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AAA: Cheapest December national gas price average in two years — welcome news for holiday travelers

At $2.37, the national gas price average continues to drive toward the cheapest pump prices seen during the month of December since 2016, which is welcome news for the millions of Americans expected to begin holiday travel later this week.

“AAA expects 102 million Americans to drive to their holiday destination this year, which is a four percent increase year-over-year,” said Lori Weaver Hawkins, public and government affairs manager, AAA Blue Grass. “No doubt cheaper gas prices are fueling their decision to hit the road.”

Kentucky’s average gas price is now at $2.13, down from $2.17 a week ago when it had taken a 3-cent week-over-week jump. Lexington average gas price is now at $2.05, dropping from its hop up of $2.20 of a week ago.

Across the country, states are seeing gas price averages that are as much as 12-cents cheaper. Florida (+1 cent) is the only state to see gas prices increase, while Missouri’s gas price average dropped to $1.96, making it the lowest spot in the nation.

The national average is a nickel less than last week, 26-cents less than last month and six-cents less than a year ago. With gasoline production on the high side – 10 million barrels per day – amid low demand, motorists can expect gas prices to continue declining through year-end.

Prices Trend Downward Across the Commonwealth

While last week saw gas prices take slight upward jumps in many places, average gas prices are now lower week over week across all metro areas of Kentucky, with Owensboro the low spot at $2.01. Lexington motorists are now paying 21 cents less than a month ago.

Kentucky Average Gas Prices, Dec. 17, 2018

States in the Central U.S. See Some of the Nation’s Cheapest Gas Prices

At the start of the week, pump prices are cheaper on the week for all Great Lakes and Central states, including Kentucky. This week’s declines wiped out any increases from the previous week in Ohio (-12 cents), Indiana (-9 cents) and Michigan (-9 cents). In fact, these states, in addition to Illinois (-8 cents) land on the top 10 list with the largest weekly changes in the country. Kentucky recovered 4 cents on the week.

At $1.96, Missouri has the cheapest gas price average in the region and in the country. The last time the state saw prices this cheap was two years ago in December 2016. At that time, crude oil prices ranged from $50-52 per barrel, which is similar to crude oil prices as of late.]

Regional refinery utilization jumped from 94 to 98 percent and along with it, added 350,000 barrels, according to the latest Energy Information Administration (EIA) reports. Total gasoline stocks in the region register at 49.8 million barrels – a healthy mark for this time of year and a 2.5 million barrel year-over-year surplus.

Quick Stats on the Nation

• The nation’s top 10 least expensive markets are: Missouri ($1.96), South Carolina ($2.03), Oklahoma ($2.04), Arkansas ($2.04), Alabama ($2.05), Louisiana ($2.05), Texas ($2.05), Mississippi ($2.06), Kansas ($2.06) and Ohio ($2.07).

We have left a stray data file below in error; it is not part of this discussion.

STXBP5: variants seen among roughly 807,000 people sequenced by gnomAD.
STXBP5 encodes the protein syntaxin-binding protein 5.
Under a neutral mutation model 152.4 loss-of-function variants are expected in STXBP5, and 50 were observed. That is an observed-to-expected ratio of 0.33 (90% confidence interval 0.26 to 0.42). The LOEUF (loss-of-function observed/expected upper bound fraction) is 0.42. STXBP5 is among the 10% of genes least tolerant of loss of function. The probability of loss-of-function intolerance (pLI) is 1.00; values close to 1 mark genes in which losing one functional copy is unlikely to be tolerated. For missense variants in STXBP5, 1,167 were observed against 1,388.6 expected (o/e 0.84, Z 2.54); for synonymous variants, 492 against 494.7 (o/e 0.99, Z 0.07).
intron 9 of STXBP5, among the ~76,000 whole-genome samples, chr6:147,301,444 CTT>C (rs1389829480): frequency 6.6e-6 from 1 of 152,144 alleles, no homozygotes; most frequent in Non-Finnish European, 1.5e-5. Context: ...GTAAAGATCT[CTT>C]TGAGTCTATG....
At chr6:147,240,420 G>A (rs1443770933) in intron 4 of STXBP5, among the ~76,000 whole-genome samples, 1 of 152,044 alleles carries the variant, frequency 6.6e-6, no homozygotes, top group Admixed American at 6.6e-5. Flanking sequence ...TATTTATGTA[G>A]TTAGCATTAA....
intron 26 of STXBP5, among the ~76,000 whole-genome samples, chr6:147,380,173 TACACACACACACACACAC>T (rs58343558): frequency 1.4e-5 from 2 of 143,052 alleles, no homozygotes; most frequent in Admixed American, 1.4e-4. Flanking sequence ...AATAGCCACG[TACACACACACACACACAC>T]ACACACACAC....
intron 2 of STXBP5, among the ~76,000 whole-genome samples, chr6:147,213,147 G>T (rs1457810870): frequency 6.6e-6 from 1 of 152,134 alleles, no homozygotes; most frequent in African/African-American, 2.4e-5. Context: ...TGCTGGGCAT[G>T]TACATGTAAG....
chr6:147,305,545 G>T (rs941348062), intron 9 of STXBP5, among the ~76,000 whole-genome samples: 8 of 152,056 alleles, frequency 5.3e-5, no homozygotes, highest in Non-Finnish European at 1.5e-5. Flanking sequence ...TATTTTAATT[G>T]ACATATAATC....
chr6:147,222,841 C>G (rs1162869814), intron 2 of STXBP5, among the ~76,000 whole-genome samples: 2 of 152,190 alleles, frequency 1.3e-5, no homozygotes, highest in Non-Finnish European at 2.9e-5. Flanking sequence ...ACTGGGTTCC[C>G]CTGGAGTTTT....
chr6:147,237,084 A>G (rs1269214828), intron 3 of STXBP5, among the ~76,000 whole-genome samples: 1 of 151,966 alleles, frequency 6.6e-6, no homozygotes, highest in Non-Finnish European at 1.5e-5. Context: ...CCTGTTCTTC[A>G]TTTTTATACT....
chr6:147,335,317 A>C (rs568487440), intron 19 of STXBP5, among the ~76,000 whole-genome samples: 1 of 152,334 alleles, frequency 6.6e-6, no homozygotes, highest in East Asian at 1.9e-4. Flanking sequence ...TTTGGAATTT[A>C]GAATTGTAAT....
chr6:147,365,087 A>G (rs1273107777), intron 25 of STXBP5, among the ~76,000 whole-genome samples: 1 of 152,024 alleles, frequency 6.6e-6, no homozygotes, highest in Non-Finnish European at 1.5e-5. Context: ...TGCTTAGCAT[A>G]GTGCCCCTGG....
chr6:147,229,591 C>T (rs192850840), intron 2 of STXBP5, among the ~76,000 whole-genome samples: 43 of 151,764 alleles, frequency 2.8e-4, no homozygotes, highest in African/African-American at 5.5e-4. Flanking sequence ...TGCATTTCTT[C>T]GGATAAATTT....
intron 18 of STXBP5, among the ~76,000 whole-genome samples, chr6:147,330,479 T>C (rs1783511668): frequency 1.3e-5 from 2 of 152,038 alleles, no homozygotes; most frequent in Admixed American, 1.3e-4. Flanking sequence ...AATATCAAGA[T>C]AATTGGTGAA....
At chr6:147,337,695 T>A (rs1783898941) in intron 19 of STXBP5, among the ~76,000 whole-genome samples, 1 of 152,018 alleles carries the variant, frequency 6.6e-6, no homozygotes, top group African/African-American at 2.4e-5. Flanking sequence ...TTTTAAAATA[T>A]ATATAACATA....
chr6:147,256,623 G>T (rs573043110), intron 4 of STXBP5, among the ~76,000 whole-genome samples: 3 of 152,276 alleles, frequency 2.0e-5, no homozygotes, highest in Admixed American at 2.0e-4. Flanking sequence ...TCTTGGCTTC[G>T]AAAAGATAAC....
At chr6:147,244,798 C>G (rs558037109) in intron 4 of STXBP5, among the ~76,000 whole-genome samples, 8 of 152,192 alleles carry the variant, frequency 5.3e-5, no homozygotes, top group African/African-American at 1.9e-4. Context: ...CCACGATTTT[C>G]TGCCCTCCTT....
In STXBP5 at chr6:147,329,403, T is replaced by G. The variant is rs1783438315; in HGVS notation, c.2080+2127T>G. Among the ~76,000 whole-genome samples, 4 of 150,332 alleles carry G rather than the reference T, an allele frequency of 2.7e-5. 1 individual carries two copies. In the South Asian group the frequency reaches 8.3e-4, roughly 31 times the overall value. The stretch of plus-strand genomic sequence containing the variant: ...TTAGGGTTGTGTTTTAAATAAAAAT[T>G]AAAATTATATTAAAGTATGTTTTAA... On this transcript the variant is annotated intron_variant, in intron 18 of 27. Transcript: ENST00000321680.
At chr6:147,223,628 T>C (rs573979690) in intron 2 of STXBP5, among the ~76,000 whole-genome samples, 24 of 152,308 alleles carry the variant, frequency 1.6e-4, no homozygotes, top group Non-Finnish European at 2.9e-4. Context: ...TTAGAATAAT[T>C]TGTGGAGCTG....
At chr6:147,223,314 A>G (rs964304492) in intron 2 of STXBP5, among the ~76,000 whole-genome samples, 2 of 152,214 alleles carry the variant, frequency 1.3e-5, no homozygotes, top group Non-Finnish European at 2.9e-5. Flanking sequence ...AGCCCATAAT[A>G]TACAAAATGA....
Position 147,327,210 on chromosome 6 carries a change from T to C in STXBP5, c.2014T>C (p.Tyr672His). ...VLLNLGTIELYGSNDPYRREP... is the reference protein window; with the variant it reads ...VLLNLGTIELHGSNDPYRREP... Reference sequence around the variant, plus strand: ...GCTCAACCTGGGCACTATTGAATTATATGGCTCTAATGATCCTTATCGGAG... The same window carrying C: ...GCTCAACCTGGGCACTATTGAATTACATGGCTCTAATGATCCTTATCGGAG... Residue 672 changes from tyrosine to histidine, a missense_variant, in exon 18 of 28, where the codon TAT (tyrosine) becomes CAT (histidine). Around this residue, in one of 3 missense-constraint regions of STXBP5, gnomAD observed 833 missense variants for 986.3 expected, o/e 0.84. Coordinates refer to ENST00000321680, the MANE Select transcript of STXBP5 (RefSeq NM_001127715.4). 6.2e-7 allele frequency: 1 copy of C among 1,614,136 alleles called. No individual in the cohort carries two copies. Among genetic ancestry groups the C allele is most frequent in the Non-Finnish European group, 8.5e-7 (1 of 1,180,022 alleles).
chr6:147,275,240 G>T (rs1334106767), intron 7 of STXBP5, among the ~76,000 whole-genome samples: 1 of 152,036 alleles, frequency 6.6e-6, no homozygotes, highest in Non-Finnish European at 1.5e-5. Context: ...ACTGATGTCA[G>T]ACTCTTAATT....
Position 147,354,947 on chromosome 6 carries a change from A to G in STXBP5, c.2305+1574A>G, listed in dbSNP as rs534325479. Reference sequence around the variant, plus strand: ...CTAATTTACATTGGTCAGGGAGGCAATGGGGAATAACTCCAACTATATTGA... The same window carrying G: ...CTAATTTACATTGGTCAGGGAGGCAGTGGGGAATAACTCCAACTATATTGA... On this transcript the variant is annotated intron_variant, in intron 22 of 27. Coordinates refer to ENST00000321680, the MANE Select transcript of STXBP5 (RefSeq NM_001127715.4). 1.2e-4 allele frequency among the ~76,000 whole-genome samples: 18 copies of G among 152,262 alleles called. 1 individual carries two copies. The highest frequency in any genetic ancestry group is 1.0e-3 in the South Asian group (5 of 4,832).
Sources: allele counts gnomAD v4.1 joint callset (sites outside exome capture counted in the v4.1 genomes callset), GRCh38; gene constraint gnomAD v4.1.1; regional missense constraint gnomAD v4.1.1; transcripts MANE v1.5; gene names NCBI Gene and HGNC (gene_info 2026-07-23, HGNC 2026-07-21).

• The nation’s top 10 largest weekly decreases are: Ohio (-12 cents), Indiana (-9 cents), Idaho (-9 cents), Montana (-9 cents), Michigan (-9 cents), Colorado (-8 cents), Illinois (-8 cents), Washington (-7 cents), Utah (-7 cents) and Hawaii (-6 cents).

Oil Market Dynamics

At the close of Friday’s formal trading session on the NYMEX, WTI decreased $1.38 to settle at $51.20. Oil prices mostly fell last week as market observers continue to worry that the global crude market is oversupplied. Although the Organization of the Petroleum Exporting Countries (OPEC) and other oil producers, including Russia, agreed last week to reduce output by 1.2 million barrels per day at the beginning of 2019, crude prices will likely remain low until the production reduction agreement is in place.

In related news, total domestic crude inventories are continuing to slide. Crude inventories around the country fell by 1.2 million barrels, according to new data released by the U.S. Energy Information Administration. Stocks now total 442 million barrels, which is approximately 1 million barrels lower than where they were at this time last year. With domestic inventories now falling and OPEC’s production reduction agreement set to take effect in early 2019, crude prices could increase early next year. If they do, motorists will likely see pump prices increase.

AAA offers these tips to motorists to save at the pump:

• If your vehicle’s engine does not require premium or mid-grade fuel, don’t buy it.  Using anything other than regular grade is simply a waste of money.

• Don’t top off your gas tank. Stop filling after the automatic nozzle shuts off the second time.

• If you have to replace a gas cap, make sure it is the right one for your car. An ill-fitting cap will increase emissions and trigger the “check engine” light.

• Keep track of gas mileage. If you notice a sudden decrease in fuel economy, have your vehicle checked by a technician to ensure it is operating properly.

• Check for proper tire pressure, which can fluctuate greatly with changing temperatures.

• Motorists can find current gas prices along their route with the free AAA Mobile app for iPhone, iPad and Android. The app can also be used to map a route, find discounts, book a hotel and access AAA roadside assistance. Learn more at AAA.com.

From AAA

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